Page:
The foregoing description and illustrations contained herein demonstrate many of the advantages associated with the present invention. In particular, it has been revealed that by providing a mirror assembly having multiple mirrors and a mask assembly having multiple masks, it is possible to perform parallel x-ray lithography where multiple fields can be simultaneously printed on a wafer surface to reduce the total number of steps required to pattern the entire wafer. Moreover, the equipment modifications required to accommodate the larger assemblies are well within the capabilities of the equipment manufacturers. Yet another advantage is that the present invention effectively combines the superior resolution afforded by x-ray lithography over the other types of lithography with a method to increase the throughput of the process for a manufacturing environment where cycle time translates into money. Additionally, using multiple masks means that smaller mask fields may be used without a detrimental effect on cycle time, which is advantageous because an x-ray mask could have more defects as the mask size increases. Thus, using multiple smaller masks to expose different areas on the wafer makes the defectivity control much easier.
Thus it is apparent that there has been provided, in accordance with the invention, a method for multiple fields parallel x-ray lithography that fully meets the need and advantages set forth previously. Although the invention has been described and illustrated with reference to specific embodiments thereof, it is not intended that the invention be limited to these illustrative embodiments. Those skilled in the art will recognize that modifications and variations can be made without departing from the spirit of the invention. For example, the mirror assembly may combine both curved and flat mirrors for use in the beamline optical system instead of being exclusively one or the other. Additionally, the mask assembly may be a monolithic assembly instead of being separate masks coupled together. It is also important to note that the present invention is not limited in any way to printing only two fields at a time, because a larger number of fields may be simultaneously printed depending on the number of mirrors and masks provided in the mirror assembly and mask assembly. Furthermore, there is no requirement that the sequential exposure steps be limited to exposing an adjacent and abutting area on the wafer surface since a more time efficient pattern may depend on the size and shape of the wafer to be printed. Therefore, it is intended that this invention encompasses all such variations and modifications falling within the scope of the appended claims.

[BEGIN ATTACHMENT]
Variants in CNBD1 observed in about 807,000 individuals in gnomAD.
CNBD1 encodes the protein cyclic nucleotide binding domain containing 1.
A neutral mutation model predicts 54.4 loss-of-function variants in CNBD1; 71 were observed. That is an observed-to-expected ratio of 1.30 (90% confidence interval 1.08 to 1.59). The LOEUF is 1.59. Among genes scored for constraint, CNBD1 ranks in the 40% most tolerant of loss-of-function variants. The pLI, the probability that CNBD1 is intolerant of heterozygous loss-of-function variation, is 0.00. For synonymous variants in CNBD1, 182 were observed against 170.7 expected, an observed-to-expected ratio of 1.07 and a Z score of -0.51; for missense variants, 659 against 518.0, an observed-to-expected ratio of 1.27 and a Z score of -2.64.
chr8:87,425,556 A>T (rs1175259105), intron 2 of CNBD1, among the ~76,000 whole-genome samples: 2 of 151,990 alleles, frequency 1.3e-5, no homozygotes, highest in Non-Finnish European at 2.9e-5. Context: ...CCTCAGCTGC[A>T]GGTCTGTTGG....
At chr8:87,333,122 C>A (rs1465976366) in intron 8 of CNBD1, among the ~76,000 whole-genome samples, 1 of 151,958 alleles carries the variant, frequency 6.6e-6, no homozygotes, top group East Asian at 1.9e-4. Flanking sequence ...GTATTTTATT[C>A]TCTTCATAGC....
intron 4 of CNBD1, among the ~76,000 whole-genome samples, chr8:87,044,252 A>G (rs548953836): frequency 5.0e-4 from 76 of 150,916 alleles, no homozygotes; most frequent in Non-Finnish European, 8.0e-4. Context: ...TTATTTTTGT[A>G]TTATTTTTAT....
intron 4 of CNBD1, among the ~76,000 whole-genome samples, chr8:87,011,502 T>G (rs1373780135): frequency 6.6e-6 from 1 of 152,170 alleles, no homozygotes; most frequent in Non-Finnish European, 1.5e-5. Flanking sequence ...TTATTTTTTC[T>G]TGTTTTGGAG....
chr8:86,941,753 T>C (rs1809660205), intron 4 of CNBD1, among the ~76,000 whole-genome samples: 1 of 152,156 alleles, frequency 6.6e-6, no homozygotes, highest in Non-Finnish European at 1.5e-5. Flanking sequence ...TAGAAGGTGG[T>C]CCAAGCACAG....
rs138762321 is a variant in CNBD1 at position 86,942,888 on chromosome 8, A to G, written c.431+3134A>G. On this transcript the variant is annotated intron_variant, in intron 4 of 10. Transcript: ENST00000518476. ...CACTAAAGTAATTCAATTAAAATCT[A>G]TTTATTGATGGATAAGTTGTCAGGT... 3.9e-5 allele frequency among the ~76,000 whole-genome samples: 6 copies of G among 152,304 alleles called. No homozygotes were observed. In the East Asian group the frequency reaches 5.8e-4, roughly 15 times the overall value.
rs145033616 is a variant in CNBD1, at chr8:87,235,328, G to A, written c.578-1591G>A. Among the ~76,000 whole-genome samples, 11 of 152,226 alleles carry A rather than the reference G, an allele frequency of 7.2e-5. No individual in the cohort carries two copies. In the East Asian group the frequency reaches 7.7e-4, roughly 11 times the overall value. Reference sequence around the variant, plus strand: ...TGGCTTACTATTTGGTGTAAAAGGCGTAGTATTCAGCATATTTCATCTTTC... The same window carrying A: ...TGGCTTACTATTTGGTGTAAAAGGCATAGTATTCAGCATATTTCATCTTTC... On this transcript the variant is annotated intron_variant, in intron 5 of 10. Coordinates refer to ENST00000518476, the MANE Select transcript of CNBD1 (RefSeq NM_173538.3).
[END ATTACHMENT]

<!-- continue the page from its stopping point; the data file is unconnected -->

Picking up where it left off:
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|U.S. Classification||378/34, 378/85|
|International Classification||H01L21/027, G03F7/213, G21K1/02, G03F7/20|
|Cooperative Classification||G03F7/70691, G03F7/70058, G21K1/02, G03F7/70466|
|European Classification||G03F7/70D, G03F7/70N, G03F7/70J8, G21K1/02|
|Mar 2, 1995||AS||Assignment|
Owner name: MOTOROLA, INC., ILLINOIS
Free format text: ASSIGNMENT OF ASSIGNORS INTEREST;ASSIGNOR:WALDO, WHITSON G., III;REEL/FRAME:007383/0508
Effective date: 19950224
|Sep 23, 1999||FPAY||Fee payment|
Year of fee payment: 4
|Mar 10, 2004||REMI||Maintenance fee reminder mailed|
|Aug 20, 2004||LAPS||Lapse for failure to pay maintenance fees|
|Oct 19, 2004||FP||Expired due to failure to pay maintenance fee|
Effective date: 20040820